First Flight of NASA’s 2020 Unmanned Aircraft Demonstration Activities
April 9, 2020
NASA took first flight of its Systems Integration and Operationalization (SIO) demonstration activities in partnership with the FAA, General Atomics Aeronautical Systems Inc. (GA-ASI), and other industry partners to conduct demonstrations of potential commercial applications using different sizes of unmanned aircraft systems (UAS). SIO aims to help accelerate the safe integration of UAS for commercial applications into the National airspace by tackling key challenges that currently prevent routine UAS operations. NASA plans to document best practices and lessons learned from the SIO activity and provide it to the UAS community to help facilitate industry wide progress toward routine commercial unmanned aircraft operations.
One Word Change Expands NASA’s Vision for Future Airspace Mobility
March 23, 2020
As the idea of using drones and small, piloted electric-powered vehicles began to take off, the initial attention widely was focused on their use in the skies over dense urban locations. As interest in the potential of urban air mobility (UAM) exploded around the world, and NASA continued to lead discussions and host technical demonstrations with its industry partners, it became clear that there was broader interest in these capabilities. Moving forward, UAM-related work will continue as a subset to the overall advanced air mobility (AAM) mission, which has defined two categories of operations (local and intraregional) based on the distance planned to be flown.
New Spinoff Publication Shares How NASA Innovations Benefit Life on Earth
March 18, 2020
As NASA pushes the frontiers of science and human exploration, the agency also advances technology to modernize life on Earth, including drones, self-driving cars, and other innovations. NASA’s diverse missions spur the creation and improvement of thousands of new products that improve life for people around the world. Dozens of the latest examples are featured in the newest edition of NASA’s Spinoff publication, (including how NASA is working to shape the coming revolution of autonomous vehicles on the roads and in the air). Spinoff highlights the successes of the agency’s Technology Transfer program, which is charged with finding the widest possible applications for NASA technology.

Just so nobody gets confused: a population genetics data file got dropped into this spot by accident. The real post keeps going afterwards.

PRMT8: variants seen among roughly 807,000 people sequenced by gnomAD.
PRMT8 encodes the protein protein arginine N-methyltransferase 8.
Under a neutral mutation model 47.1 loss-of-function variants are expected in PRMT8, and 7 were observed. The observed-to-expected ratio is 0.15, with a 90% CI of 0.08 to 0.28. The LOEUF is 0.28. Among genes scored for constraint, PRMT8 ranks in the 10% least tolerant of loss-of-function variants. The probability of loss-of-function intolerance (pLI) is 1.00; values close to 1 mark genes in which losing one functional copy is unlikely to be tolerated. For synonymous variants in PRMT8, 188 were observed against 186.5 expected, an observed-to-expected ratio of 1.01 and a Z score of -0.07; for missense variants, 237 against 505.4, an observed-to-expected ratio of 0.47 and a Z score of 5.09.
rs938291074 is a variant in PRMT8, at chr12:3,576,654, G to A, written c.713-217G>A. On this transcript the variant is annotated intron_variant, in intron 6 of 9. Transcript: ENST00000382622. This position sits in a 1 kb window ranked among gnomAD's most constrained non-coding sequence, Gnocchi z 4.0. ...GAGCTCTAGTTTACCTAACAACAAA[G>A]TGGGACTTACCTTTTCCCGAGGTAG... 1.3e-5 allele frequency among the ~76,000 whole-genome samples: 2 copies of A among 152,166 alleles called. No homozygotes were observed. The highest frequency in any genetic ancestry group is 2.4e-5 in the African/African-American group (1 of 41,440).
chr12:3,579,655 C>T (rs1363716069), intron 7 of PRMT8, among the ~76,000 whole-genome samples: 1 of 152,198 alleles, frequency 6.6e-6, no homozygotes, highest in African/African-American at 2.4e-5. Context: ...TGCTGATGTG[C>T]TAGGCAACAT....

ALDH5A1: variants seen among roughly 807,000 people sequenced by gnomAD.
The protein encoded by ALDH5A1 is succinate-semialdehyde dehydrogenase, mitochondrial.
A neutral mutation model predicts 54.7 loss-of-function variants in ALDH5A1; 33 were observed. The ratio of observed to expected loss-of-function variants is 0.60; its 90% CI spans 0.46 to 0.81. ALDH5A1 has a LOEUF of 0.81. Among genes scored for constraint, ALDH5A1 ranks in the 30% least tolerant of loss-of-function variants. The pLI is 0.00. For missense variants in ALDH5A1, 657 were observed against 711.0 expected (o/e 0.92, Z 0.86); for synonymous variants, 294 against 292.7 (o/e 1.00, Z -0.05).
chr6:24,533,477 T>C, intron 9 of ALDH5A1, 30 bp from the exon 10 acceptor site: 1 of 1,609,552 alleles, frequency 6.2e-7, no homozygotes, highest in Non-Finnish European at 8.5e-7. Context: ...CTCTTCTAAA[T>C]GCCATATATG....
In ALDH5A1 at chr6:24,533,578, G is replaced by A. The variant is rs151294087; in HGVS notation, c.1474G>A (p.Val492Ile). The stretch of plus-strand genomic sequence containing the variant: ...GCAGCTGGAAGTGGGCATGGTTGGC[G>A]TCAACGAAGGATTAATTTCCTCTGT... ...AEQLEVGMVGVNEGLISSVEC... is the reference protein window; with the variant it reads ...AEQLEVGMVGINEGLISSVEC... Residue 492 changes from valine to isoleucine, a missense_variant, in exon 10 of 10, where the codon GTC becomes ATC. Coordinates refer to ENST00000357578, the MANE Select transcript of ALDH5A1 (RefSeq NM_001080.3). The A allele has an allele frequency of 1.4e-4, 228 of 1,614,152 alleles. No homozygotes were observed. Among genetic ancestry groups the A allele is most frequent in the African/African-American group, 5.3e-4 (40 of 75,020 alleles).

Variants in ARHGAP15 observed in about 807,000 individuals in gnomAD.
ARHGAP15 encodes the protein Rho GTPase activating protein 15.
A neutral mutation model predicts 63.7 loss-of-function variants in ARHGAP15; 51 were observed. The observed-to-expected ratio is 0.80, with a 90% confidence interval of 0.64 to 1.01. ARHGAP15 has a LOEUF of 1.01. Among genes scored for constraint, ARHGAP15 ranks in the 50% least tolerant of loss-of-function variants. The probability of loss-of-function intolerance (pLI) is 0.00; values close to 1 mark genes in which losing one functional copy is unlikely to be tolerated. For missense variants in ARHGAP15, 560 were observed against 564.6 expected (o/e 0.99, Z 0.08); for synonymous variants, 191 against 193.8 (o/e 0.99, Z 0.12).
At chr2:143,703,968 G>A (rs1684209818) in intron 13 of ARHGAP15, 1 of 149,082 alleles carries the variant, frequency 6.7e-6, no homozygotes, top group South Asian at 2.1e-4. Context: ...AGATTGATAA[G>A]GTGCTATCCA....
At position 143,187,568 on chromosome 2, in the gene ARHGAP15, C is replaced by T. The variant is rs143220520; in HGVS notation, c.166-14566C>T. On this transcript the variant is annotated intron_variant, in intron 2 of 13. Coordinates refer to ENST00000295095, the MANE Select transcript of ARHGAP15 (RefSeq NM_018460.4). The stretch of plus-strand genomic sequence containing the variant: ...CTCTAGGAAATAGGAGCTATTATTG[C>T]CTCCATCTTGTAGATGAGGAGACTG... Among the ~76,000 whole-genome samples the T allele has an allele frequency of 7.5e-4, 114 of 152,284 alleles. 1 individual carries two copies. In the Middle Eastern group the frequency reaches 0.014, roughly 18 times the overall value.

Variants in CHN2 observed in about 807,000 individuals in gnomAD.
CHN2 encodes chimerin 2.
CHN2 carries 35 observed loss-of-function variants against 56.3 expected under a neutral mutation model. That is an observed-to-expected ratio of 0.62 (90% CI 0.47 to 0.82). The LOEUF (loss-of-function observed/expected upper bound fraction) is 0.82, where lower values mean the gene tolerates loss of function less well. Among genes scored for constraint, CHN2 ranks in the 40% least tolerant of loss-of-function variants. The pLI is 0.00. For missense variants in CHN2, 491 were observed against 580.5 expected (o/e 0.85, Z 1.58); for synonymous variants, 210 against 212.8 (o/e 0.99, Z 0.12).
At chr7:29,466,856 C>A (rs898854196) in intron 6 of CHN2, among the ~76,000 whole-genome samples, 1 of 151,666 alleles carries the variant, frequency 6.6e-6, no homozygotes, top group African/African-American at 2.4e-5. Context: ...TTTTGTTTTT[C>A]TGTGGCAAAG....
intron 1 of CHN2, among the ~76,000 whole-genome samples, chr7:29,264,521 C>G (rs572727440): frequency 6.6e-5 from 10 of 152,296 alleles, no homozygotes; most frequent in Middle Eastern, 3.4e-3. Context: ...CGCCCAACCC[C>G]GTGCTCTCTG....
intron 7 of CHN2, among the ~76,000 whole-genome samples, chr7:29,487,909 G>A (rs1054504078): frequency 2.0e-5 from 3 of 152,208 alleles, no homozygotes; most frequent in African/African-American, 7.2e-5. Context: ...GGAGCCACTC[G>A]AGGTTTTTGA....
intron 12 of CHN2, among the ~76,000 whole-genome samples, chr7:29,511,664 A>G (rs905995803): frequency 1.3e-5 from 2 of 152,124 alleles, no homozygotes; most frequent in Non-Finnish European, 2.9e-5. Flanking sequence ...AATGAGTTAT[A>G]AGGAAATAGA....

X-59 QueSST More than the Sum of Its Parts
March 11, 2020
A tradition employed by the aerospace community is continuing with the assembly of NASA’s X-59 Quiet SuperSonic Technology aircraft at the Lockheed Martin Skunk Works® factory in California. Perfectly acceptable components from other aircraft are finding new life as parts installed on the experimental X-59, whose mission is to open a new era of commercial supersonic air travel over land. Landing gear from an Air Force F-16 fighter, a cockpit canopy from a NASA T-38 trainer, a propulsion system part from a U-2 spy plane, and a control stick from an F-117 stealth fighter are among the repurposed parts to be used.
What is the Fatigue Countermeasures Lab?
March 4, 2020